Rabbit Run Combined Sewer Overflow is Project of the Year awarded by the American Concrete Institute (ACI) Indiana Chapter at last month’s Annual Meeting and Awards Program. Congratulations to the City of Huntington, the consulting firm Greeley & Hansen and F.A. Wilhelm Construction on this recognition.
Located in Huntington, Indiana, the Rabbit Run Combined Sewer Overflow project consists of a 2,500,000 gallon sewer storage tank constructed to help alleviate the chance for a sewage spill into Indiana waterways during severe weather.
Wilhelm’s construction of the tank consisted of blasting over 23,000 cubic yards of rock. The base mat was 2-feet 6-inches thick while the cast-in-place walls were 5-feet 3-inch thick, 35-feet high and were poured in one continuous lift so there were no horizontal construction joints. Each of these wall pours averaged 550 cubic yards of concrete. The elevated deck presented a unique issue in re-enforcing steel placement as it required the use of #18 rebar, the largest that is manufactured.
Other improvements to the facility consisted of new screening equipment, pump improvements, and electrical/controls upgrades. Prior to entering into a contract with the City, the project team was able to reduce the construction costs by over $700,000 through initial value engineering. Additional savings will be realized by the City following completion of construction.
In addition to the Rabbit Run, several other Wilhelm projects were recognized by the American Concrete Institute (ACI) Indiana Chapter for Outstanding Achievement in Concrete in 5 categories.
Outstanding Achievement in Concrete – Category: Sustainable Concrete
Wilhelm’s work on Stout Field Joint Force Headquarters constructed for the Indiana National Guard included a steel-framed structure featuring slab-on-metal deck construction with a 40,500 square-foot renovation and 77,100 square-foot addition. Wilhelm served as the general contractor and self-performed concrete and site work. An estimated 4,765 cubic yards of concrete were used.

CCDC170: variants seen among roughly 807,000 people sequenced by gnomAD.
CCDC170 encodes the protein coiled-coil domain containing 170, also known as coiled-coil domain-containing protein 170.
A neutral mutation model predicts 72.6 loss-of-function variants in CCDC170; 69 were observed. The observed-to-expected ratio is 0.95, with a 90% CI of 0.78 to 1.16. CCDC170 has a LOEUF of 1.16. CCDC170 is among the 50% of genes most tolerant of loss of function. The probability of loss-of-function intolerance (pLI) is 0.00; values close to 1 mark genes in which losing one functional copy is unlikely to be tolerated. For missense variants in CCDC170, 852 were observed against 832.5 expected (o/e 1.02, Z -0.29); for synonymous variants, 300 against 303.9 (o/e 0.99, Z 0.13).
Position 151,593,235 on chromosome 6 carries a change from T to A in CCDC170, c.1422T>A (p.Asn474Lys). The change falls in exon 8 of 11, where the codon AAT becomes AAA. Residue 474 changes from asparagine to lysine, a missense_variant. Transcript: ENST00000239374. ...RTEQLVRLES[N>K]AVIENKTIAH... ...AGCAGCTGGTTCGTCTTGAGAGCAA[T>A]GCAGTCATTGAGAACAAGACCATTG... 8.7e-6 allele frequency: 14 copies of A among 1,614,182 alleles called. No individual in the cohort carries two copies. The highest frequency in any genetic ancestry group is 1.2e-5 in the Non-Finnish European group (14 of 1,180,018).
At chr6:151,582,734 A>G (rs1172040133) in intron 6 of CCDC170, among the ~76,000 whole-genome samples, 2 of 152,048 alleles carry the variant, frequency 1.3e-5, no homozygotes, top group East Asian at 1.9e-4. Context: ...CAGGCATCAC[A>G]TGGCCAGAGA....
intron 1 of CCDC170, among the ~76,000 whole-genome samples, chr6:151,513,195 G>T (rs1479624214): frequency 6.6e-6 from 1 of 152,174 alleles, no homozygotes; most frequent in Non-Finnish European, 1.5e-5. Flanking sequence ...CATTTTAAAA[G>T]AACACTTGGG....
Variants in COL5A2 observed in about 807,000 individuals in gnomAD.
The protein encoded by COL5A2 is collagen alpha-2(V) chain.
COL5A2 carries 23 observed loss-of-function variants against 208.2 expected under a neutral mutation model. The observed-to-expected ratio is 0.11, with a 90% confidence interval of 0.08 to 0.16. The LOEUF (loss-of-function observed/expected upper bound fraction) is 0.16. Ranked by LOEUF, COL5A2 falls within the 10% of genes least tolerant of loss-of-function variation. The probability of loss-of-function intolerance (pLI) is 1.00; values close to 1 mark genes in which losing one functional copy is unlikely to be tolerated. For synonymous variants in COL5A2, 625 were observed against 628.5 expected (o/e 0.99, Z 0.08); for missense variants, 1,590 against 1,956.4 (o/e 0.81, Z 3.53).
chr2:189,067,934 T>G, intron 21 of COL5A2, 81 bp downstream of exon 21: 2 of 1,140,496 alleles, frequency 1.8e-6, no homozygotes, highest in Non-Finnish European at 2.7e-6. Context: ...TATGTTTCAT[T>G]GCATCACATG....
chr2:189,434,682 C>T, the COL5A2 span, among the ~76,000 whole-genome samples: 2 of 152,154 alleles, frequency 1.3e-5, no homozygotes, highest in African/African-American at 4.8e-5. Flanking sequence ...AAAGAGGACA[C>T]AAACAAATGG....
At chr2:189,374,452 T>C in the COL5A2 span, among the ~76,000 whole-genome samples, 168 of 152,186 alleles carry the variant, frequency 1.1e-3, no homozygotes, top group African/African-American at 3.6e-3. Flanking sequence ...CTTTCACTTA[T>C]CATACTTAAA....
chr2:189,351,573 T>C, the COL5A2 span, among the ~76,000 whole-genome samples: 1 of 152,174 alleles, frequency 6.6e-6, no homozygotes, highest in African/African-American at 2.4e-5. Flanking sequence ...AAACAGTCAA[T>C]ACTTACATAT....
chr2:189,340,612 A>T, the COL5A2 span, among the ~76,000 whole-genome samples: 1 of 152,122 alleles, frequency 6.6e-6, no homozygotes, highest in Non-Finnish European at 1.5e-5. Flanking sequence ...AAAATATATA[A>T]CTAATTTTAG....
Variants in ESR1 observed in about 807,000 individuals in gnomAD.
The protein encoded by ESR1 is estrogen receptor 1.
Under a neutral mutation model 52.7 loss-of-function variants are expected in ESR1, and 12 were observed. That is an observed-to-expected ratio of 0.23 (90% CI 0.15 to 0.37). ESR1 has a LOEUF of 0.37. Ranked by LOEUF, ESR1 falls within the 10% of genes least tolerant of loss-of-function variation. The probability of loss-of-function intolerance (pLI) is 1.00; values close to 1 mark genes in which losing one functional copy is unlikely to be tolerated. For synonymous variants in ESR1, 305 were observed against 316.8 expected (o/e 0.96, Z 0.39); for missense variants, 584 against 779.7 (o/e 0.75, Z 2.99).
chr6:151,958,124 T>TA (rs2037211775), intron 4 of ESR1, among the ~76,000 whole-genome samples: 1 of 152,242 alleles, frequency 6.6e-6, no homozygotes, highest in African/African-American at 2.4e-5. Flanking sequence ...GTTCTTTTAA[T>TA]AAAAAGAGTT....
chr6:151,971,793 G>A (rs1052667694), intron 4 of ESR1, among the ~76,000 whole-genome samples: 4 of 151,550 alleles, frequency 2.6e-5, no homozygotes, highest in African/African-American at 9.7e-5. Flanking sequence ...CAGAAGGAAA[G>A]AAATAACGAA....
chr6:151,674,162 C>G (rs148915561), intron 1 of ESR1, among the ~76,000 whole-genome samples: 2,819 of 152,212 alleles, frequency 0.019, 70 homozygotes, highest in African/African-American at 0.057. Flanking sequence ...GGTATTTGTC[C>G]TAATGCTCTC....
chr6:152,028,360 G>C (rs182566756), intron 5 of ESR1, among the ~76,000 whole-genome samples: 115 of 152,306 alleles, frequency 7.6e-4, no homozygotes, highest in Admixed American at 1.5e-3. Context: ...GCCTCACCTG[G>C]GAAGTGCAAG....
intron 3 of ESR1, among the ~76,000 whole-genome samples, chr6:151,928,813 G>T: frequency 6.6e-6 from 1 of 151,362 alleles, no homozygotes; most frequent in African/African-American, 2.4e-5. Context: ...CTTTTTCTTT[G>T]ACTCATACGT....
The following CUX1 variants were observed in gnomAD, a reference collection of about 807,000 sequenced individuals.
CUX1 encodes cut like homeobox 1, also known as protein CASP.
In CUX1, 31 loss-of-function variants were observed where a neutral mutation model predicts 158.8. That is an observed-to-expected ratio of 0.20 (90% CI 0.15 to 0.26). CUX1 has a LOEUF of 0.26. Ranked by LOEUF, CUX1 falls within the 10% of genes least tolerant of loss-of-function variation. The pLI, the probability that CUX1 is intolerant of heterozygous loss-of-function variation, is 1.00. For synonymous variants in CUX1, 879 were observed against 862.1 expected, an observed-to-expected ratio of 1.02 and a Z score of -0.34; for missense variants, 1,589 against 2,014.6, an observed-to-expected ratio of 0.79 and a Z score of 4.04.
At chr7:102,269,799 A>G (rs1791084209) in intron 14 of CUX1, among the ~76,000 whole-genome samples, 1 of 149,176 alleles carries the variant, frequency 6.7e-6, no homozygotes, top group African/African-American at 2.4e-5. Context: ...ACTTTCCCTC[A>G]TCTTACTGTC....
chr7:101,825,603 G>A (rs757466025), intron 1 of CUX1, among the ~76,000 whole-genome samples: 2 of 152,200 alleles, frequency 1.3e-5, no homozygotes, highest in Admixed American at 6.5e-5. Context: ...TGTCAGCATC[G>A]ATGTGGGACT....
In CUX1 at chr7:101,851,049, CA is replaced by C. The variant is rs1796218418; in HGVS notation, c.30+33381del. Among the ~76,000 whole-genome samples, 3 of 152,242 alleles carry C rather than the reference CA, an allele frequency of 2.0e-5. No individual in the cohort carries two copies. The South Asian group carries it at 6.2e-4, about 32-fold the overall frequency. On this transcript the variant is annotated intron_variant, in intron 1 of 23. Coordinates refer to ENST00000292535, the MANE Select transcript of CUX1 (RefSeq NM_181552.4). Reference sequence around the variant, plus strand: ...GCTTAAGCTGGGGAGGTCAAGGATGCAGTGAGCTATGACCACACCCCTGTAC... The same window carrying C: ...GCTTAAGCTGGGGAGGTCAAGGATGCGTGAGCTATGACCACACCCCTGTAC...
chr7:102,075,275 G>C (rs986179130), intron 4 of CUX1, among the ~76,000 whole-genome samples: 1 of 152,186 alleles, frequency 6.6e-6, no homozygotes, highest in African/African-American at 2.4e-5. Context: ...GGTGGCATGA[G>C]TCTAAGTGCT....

The new, two-story headquarters features an impressive limestone entrance with a curved metal paneled roof. The auditorium is constructed of stained wood panels and high end mill work. Special care was also taken so existing trees on site were protected and any damage to them prevented during construction. The project is under review for LEED Silver Certification.
Outstanding Achievement in Concrete – Category: Transportation 3
The Edge Parking Structure in downtown Fishers, Indiana is connected to a medical office building. F. A. Wilhelm’s responsibilities include both the concrete in the parking structure and the platform for the medical office building. The four-story structure is cast-in-place post tension concrete, using 4,400 cubic yards. The post- tension decks were cast using a 5000 psi performance mix supplied by Irving Materials. The performance mix reached a tensioning required strength of 3000 psi within 18 hours allowing Wilhelm to expedite the schedule of the structure. The architectural appeal of the 327-car garage came from the cast-in-place reveals on the bumper walls. The reveals gives the bumper walls a boxed out appearance and are painted.
Outstanding Achievement in Concrete – Category: Commercial 3